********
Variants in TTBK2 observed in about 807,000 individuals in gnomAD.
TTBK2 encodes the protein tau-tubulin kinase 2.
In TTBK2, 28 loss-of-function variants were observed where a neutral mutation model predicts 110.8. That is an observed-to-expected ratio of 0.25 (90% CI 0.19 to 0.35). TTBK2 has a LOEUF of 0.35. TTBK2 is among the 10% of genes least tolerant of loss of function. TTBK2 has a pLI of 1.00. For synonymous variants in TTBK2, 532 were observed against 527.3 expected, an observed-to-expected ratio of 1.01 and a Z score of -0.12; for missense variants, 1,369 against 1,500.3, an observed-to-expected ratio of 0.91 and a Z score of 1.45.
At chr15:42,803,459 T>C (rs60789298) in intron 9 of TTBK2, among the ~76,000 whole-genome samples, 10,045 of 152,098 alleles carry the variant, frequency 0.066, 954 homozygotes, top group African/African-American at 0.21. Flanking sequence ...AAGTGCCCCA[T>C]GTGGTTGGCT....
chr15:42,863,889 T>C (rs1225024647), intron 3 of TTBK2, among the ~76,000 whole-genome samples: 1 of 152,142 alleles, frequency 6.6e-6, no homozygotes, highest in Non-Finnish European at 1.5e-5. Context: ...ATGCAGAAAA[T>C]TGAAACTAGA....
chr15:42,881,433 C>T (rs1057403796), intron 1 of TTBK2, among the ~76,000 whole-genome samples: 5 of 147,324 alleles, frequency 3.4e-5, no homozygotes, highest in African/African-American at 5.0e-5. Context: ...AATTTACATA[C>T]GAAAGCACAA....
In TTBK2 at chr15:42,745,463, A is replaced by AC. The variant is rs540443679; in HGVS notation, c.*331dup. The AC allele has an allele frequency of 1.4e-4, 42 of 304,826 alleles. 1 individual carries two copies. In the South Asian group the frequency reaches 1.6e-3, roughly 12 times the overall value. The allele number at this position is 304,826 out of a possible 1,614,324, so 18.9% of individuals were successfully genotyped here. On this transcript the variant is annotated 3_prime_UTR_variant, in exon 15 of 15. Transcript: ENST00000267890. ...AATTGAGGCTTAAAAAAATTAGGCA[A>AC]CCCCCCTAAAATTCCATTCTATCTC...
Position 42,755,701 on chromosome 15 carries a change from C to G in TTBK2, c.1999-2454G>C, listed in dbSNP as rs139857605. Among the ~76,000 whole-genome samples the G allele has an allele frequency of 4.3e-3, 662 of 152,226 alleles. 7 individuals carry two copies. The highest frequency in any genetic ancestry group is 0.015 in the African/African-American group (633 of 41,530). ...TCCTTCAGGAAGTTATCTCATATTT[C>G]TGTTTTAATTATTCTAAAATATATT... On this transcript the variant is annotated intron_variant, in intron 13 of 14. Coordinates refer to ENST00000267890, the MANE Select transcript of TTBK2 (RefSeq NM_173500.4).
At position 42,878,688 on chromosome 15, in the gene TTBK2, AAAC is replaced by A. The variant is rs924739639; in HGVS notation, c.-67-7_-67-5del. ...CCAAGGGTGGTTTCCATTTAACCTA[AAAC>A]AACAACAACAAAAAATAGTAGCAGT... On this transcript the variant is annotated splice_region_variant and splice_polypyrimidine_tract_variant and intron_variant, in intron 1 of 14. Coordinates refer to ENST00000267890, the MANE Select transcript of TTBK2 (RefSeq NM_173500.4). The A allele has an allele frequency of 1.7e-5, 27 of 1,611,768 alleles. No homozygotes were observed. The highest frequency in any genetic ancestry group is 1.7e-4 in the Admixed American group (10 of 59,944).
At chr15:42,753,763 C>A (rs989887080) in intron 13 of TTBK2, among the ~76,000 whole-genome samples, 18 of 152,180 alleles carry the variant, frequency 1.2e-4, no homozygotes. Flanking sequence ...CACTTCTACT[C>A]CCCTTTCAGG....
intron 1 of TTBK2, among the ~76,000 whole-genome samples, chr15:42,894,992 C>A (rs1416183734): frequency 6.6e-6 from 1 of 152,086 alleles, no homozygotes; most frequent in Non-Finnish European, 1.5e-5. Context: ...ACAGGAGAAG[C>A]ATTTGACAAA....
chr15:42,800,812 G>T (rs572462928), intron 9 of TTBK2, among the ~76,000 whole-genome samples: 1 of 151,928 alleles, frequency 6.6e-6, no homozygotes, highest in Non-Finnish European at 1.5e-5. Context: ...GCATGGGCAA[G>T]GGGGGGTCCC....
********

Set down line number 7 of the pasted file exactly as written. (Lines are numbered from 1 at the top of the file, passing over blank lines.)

In TTBK2 at chr15:42,745,463, A is replaced by AC. The variant is rs540443679; in HGVS notation, c.*331dup. The AC allele has an allele frequency of 1.4e-4, 42 of 304,826 alleles. 1 individual carries two copies. In the South Asian group the frequency reaches 1.6e-3, roughly 12 times the overall value. The allele number at this position is 304,826 out of a possible 1,614,324, so 18.9% of individuals were successfully genotyped here. On this transcript the variant is annotated 3_prime_UTR_variant, in exon 15 of 15. Transcript: ENST00000267890. ...AATTGAGGCTTAAAAAAATTAGGCA[A>AC]CCCCCCTAAAATTCCATTCTATCTC...